Toronto Maple Leafs

Brian Burke's Wish List is Obvious, But Can Santa Really Deliver?

LONDON - SEPTEMBER 28:  Brian Burke, executive vice president and general manager of the Anaheim Ducks watches a practice session for the Los Angeles Kings and the Anaheim Ducks ice hockey teams at the O2 Arena on September 28, 2007 in Greenwich, London, England. (Photo by Bruce Bennett/Getty Images)
Bruce Bennett/Getty Images
Tyler LavoieCorrespondent IDecember 4, 2010

As Leaf fans, we all have a working solution in our head that would turn the team around don't we?

Personally, I've had countless discussions (some turned arguments) as to what needs to be done. Surely many of the thoughts floating around in our heads are best case scenarios: no GM rivalries, no salary cap, or anything else in the way of a 5-for-1 deal, but let's try and be realistic for a second.

It was about a year ago that rumors started to spread about Brian Burke making a trade. He said himself that "the culture in the dressing room needed to change" and did so, sending a number of players to Calgary bringing over both Dion Phaneuf and Keith Aulie.

Now, with no real change in the result aspect of his hockey club rumors are again popping up.

Clearly on the wish list of Brian Burke, and on that of every Leaf fan, is a number one centre. One who can play with Phil Kessel, but that's where my discussions have often turned into arguments.

Kessel is a rare breed. If you were to make a list of similar players currently playing in the NHL it would definitely be a short one: Jarome Iginla, Thomas Vanek, Dany Heatley, Marion Gaborik, and Ilya Kovalchuk.

There are a number of qualities these players (including Phil Kessel) have in common: they posses a great shot, have break-away speed and are considered pure goal-scorers.

What else do they have in common? None have won a Stanley Cup, and all have been on the trading block a number of times throughout their careers.

Looking closer, no team built around a superstar-sniper has won a Stanley Cup post lock-out. In fact, you would be hard-pressed to find a Cup-winning team built around a player with a similar skill set to that of a Phil Kessel in the past twenty years.

Teams are much more successful with play-making/all-round players such as Joe Sakic, Pavel Datsyuk, Vincent Lecavalier, Rod Brind'Amour, Scott Neidermayer, Henrik Zetterberg, Sydney Crosby, and Jonathan Toews.

My point is if the Leafs plan on crowning Phil Kessel their franchise player (and I am assuming that is the case considering what they gave up to get him) they would be breaking the mold so to speak. Kessel is not the type of player who makes others around him better - it's simple with him - get him the puck and he will shoot.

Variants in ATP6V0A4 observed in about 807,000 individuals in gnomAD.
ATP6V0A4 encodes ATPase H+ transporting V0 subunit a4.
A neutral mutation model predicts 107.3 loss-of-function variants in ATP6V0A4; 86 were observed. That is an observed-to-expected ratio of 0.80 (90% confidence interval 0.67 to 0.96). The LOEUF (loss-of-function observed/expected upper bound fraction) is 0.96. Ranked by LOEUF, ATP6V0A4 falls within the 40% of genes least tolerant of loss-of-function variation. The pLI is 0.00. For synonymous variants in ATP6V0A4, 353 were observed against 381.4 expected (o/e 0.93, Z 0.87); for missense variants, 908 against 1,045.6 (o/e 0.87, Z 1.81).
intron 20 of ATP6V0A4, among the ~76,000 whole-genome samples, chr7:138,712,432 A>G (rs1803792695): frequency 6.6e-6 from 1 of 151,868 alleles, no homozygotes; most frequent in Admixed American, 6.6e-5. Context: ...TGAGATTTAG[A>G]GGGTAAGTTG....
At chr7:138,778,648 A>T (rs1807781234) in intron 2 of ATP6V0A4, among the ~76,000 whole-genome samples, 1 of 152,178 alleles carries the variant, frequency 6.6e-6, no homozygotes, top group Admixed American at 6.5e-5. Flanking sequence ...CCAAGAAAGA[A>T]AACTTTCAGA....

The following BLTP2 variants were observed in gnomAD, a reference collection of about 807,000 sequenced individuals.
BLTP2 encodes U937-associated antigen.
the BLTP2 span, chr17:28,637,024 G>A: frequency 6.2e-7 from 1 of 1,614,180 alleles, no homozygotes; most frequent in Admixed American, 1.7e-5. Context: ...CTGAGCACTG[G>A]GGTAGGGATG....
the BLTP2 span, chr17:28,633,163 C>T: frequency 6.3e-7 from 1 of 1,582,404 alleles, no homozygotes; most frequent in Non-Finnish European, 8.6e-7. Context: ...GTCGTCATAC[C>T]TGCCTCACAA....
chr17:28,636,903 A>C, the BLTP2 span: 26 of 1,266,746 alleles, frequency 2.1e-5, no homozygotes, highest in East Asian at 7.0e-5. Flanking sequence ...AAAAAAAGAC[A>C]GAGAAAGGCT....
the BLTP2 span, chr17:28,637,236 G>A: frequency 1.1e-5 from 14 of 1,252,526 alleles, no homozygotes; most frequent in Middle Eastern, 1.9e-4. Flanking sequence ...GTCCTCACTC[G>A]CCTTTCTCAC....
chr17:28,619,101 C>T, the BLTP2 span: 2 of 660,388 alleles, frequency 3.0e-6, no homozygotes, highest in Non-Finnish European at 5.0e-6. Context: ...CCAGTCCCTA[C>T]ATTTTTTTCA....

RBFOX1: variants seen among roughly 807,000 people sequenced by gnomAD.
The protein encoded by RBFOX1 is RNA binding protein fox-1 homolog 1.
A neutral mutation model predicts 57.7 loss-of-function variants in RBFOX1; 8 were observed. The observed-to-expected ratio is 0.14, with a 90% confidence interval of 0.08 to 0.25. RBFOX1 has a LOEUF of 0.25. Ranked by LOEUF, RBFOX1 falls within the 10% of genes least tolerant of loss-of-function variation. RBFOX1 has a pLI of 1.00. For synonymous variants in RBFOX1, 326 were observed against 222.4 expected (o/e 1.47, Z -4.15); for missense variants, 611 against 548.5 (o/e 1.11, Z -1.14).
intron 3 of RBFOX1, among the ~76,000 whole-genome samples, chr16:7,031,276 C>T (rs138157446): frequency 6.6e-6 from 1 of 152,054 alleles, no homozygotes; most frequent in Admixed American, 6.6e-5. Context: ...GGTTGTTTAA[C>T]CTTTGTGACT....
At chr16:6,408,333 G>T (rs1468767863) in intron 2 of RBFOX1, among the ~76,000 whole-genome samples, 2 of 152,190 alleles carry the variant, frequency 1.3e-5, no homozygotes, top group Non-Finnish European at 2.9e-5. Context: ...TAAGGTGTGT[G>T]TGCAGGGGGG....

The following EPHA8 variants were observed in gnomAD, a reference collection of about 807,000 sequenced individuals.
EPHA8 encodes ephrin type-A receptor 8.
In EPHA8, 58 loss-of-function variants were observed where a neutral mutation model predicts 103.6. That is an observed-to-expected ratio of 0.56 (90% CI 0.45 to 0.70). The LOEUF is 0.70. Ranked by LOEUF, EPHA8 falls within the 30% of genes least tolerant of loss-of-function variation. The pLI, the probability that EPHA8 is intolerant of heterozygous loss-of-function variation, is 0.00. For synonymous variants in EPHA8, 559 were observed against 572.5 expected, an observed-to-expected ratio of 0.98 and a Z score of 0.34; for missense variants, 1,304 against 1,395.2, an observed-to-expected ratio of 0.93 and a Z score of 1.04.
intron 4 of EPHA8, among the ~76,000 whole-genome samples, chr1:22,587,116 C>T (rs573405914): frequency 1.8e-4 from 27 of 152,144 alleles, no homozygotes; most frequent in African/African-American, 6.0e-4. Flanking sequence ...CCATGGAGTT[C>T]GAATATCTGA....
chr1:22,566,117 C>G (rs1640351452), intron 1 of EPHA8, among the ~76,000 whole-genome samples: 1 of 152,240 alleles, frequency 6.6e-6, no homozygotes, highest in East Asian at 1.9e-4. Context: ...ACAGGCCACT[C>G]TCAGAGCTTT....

A player like Kessel needs a specific type of centre in order to be effective. It's a problem that has occurred with Marion Gaborik, Dany Heatley, Ilya Kovalchuk, and Jarome Iginla.

It worked well in Boston with Marc Savard because Savard was an unselfish play-maker who supported the puck well. He didn't carry the puck, or get overly involved in the cycle, he gave the puck to Kessel and supported the play.

The list of players who share a similar skill-set to that of Phil Kessel's is short, however, the list of players who fit in with that playing style is shorter. Ovechkin has Backstrom; Heatley has Thornton, but the other rare breeds will continue to struggle, and their teams will likely continue to come up short.

The Leafs will continue in their ways for a number of years to come. Until they can DRAFT first-line players who are of the second-mentioned list's caliber (Sakic, Datsyuk, Lecavalier and so on) they will struggle.

Kadri and Kessel will have plenty of time to learn how to play together, and without doubt the draft picks will be fairly high. If you consider 2012 the Leafs' next draft year it will have to be at least three years after that before things really look up.

My final thought is that it's not a management issue, or even coaching issue, rather it is the personnel on the ice that is the problem. Last year the Leafs had a plethora of third-line players; this year they have a plethora of second-line players, and it's obviously not good enough.

Thanks for reading.


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